Durham and Tolpuddle meetings draw big crowds for IER and CTUF

Rallies held on the Pentonville 5 anniversary and a New Deal for Workers over successive weeks in July

26 Jul 2022| News

Over successive Friday evenings in July, the Insititute of Employment Rights and the Campaign for Trade Union Freedom (CTUF) held their annual rallies at the Durham Miners’ Gala and the Tolpuddle Martyrs Festival in Dorset. The meetings drew big crowds, with both the Town Hall in Durham and the Methodist Chapel, being packed out. 

Durham – Eve of Gala Rally (8th July)

In the beautiful surroundings of Durham Town Hall, the gathered crowd listened to contributions from Karen Reay, Unite NEYH Regional Secretary, Laura Pidcock of the People’s Assembly, John Hendy QC, Jo Grady of the UCU union, Barry Gardiner MP and Mick Lynch, General Secretary of the RMT, who received a standing ovation on entering the hall.

Outlining the history of the Pentonville 5, Jo Grady talked about the historical lessons that could be learned from their imprisonment and struggle: “From the Pentonville 5 to the covid pandemic, not a single thing of value happens in this country happens without the working class”

Barry Gardiner, remarking that he was proud to be Mick Lynch’s” warm up act”, went on to criticise the Tory Government’s response to fire and rehire and the increasingly precarious nature of work: “The Tories say this is what the employment market looks like when it’s “flexible”. I say it’s what it looks like when it’s f…”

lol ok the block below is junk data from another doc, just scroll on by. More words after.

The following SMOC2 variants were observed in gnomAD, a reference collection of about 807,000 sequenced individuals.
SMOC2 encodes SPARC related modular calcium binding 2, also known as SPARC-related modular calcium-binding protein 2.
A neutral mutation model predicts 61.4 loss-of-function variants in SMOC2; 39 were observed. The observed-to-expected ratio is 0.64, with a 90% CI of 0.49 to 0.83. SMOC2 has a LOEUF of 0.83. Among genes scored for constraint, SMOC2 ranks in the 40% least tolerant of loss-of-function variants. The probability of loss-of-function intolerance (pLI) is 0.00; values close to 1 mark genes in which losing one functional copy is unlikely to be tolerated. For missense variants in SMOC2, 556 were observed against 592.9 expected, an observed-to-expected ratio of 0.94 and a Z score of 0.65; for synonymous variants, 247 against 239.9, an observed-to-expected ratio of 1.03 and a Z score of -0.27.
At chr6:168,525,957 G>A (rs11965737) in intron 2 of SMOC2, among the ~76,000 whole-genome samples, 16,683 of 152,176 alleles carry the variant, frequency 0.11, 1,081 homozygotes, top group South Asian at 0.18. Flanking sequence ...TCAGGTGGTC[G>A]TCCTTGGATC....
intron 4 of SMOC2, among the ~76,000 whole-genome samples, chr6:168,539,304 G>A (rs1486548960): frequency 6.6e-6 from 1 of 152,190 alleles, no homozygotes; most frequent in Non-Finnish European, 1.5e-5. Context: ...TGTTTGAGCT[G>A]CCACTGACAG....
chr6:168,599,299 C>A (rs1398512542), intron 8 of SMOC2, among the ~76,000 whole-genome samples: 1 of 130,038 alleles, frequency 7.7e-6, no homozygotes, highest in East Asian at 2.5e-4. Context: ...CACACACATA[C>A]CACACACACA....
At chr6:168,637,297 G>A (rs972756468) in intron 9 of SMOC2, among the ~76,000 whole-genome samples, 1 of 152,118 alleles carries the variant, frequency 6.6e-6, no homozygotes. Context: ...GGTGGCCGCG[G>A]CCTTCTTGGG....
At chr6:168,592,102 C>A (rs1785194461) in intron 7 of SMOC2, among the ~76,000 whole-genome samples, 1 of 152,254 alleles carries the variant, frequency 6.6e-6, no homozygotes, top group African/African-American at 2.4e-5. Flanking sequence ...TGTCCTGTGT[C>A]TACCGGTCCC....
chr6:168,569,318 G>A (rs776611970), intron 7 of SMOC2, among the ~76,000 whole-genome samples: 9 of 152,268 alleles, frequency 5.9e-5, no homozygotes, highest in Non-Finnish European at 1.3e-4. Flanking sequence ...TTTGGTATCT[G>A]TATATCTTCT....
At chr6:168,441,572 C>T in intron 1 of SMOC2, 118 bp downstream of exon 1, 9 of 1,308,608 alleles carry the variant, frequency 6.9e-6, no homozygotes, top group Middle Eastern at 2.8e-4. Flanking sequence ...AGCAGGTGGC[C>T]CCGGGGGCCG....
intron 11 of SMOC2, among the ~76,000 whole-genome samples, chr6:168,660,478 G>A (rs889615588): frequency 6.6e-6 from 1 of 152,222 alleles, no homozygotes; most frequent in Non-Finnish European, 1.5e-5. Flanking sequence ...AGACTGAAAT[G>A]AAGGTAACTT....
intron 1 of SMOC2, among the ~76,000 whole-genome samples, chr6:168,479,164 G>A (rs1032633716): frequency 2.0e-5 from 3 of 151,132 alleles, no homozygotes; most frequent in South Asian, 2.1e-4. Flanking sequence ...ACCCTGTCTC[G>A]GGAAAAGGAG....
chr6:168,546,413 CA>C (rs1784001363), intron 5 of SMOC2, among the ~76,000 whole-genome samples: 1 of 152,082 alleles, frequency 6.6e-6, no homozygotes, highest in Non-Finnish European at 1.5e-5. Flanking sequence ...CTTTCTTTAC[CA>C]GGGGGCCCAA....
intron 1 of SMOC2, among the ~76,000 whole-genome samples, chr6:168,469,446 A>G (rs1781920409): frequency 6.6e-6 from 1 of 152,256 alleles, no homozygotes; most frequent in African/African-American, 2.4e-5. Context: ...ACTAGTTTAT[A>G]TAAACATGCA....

Laura Pidcock, looking back at her time as Shadow Secretary of State for Employment Right’s said: “We spent hundreds of hours imagining what an Industrial Relations Bill would look like. That is still there…We must remember for ever what [our defeat] felt like & make sure that it never, ever happens again.”

The IER’s John Hendy QC drew comparisons between the position of workers in the 1970’s and the present day: “Working people have lost power, they’ve lost strength. In the 1970s, the proportion of workers who benefitted from a collective agreement was around 80%. Now, it stands at just over 20%, one-in-five workers.”

The RMT’s Mick Lynch pointed out that the issues were quite simple – but union’s had to stop apologising: “What we’ve been doing for too long is apologising for the fact that there is a union. We’ve got to stop that…We’ve got to make people the part of the union & the union part of the people.”

Tolpuddle – (15th July)

The following Friday, Tolpuddle’s Methodist Chapel was similarly packed out to hear John McDonnell MP, Professor Keith Ewing, the FBU’s Val Hampshire, Sarah Woolley, General Secretary of BFAWU and Steve Preddy of Unite South West.


A full house listened as the speakers outlined the history of the Pentonville 5, marking the 50th Anniversary of their jailing and subsequent campaign to release them, and the New Deal for Workers. John McDonnell received a massive round of applause, as he talked about the 2 million people living in technically defined destitution, alongside the many millions living in poverty, and described the transformation needed to reverse decades of the dimunition of trade union power.